Popular Culture and the American Adversarial Ideology
Stanford Law School
LAW AND POPULAR CULTURE, Michael Freeman, ed., Oxford University Press, 2004
The adversary system is the nearly unquestioned ideology that animates civil and criminal justice in the U.S. Under the adversary system, lawyers control the trial. Judge have little to do except rule on legal issues and evidentiary objections and pound their gavels. The objective of the adversary system is to provide procedural justice and to find "trial truth." The goal is not to provide substantive justice or to discover the real truth about what happened.
This paper asks why the U.S. is committed to the adversary ideology. To some extent the commitment arises out of ignorance of alternatives and reliance on tradition. It also derives from broadly shared commitment to individual autonomy and laissez faire capitalism. Distrust of judges and other bureaucrats is certainly a major factor. Often, distrust of American judges is entirely warranted.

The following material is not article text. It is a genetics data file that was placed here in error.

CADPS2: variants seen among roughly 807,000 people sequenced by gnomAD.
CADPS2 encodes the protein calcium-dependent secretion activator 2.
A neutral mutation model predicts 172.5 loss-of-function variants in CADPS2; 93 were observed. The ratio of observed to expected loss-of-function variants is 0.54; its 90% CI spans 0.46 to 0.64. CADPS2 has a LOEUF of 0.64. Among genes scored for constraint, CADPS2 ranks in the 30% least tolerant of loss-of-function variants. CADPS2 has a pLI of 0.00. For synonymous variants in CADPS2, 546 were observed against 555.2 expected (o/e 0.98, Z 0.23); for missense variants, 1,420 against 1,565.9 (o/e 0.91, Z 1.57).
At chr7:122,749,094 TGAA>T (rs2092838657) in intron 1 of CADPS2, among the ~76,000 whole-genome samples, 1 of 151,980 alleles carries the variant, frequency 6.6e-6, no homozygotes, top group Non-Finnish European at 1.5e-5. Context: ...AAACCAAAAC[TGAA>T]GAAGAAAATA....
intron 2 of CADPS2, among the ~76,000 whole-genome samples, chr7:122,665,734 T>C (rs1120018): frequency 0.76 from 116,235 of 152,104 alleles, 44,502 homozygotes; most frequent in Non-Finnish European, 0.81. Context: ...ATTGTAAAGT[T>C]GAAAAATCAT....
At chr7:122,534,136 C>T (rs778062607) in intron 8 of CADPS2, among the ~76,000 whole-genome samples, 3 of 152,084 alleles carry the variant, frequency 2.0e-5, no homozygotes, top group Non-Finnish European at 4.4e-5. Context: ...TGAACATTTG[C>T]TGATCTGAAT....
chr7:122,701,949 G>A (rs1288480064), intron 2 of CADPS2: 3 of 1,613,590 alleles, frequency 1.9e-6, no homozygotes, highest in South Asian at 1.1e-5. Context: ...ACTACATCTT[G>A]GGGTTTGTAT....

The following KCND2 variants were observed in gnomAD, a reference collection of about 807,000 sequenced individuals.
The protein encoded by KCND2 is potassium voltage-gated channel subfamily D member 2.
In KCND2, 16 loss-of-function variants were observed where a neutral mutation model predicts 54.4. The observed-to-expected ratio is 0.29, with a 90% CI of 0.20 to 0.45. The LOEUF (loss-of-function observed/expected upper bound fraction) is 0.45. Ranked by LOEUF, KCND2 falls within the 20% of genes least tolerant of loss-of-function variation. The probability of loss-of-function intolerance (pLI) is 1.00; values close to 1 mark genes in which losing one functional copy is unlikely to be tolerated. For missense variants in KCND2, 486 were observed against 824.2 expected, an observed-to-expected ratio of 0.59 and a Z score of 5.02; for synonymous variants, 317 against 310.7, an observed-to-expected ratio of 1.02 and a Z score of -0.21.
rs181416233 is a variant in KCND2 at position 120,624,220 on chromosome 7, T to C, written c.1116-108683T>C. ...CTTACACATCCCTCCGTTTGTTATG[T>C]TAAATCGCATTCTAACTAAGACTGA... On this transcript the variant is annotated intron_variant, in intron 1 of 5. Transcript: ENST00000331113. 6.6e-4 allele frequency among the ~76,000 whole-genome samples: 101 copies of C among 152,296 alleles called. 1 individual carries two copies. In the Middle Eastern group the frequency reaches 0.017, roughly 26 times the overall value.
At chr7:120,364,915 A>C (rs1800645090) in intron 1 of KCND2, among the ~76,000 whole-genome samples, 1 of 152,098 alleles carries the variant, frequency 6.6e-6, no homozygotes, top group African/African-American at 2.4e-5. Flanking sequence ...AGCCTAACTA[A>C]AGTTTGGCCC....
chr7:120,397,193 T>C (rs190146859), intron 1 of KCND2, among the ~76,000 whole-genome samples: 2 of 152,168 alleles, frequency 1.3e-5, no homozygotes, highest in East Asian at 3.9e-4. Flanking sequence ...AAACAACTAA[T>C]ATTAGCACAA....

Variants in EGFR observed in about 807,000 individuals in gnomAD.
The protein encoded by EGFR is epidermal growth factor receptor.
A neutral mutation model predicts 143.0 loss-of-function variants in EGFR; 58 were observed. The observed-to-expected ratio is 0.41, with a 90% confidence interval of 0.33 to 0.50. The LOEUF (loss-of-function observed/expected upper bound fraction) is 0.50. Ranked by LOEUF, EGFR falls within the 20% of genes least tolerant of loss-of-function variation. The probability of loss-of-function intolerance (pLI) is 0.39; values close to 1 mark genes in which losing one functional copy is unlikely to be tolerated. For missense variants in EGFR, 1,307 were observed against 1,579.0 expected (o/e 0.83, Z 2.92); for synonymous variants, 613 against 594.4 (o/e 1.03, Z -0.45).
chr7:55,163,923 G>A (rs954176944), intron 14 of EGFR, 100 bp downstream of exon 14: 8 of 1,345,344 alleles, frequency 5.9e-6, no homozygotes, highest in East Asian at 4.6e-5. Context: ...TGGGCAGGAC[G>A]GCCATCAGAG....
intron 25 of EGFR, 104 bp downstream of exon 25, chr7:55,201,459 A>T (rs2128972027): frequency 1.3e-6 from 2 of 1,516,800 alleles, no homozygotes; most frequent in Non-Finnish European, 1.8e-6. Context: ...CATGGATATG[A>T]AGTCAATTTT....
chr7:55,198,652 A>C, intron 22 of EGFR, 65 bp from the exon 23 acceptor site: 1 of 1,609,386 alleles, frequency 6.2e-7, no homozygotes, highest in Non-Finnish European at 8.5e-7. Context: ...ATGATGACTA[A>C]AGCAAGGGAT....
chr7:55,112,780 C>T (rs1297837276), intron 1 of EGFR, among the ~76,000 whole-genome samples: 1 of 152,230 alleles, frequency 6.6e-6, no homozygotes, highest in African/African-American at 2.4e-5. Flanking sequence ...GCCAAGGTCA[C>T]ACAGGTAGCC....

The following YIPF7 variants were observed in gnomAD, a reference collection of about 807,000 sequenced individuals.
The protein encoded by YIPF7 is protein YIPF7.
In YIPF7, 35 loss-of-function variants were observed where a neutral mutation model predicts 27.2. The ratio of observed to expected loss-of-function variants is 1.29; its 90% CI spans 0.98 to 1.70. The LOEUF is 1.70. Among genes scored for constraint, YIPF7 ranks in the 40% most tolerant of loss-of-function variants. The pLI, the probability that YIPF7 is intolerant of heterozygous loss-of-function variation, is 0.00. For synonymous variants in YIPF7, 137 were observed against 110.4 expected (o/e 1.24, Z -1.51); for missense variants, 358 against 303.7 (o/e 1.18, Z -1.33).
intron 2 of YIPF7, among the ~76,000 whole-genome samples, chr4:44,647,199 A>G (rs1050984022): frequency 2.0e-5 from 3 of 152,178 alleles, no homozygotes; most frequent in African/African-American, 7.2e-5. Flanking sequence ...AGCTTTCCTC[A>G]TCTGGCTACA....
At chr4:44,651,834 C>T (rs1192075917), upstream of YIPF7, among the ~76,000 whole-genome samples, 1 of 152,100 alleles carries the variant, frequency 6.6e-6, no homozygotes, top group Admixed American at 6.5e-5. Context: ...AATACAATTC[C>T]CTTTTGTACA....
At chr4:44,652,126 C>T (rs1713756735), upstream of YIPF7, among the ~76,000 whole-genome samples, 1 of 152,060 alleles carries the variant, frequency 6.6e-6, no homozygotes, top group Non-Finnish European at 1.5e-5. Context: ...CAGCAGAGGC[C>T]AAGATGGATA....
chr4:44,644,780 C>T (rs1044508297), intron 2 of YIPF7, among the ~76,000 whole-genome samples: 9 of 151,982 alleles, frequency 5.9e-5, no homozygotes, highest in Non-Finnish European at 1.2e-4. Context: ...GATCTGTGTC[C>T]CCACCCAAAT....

This paper suggests an additional reason for our commitment to the adversarial ideology: constant exposure to popular culture models. To some degree, we all sit at the feet of our master trial practice teacher, the immortal Perry Mason. Mason trained us to believe that only lawyer cross-examination could discover the truth. Countless TV series and films have reinforced this message. The model requires lawyers to be in control and judges to get out of the way. A lifetime of pop culture conditioning in the glories of the adversary system makes it impossible for most Americans to consider alternatives.
Number of Pages in PDF File: 36
Keywords: adversary system, popular culture, judicial system, trial courtsAccepted Paper Series
Date posted: December 19, 2003
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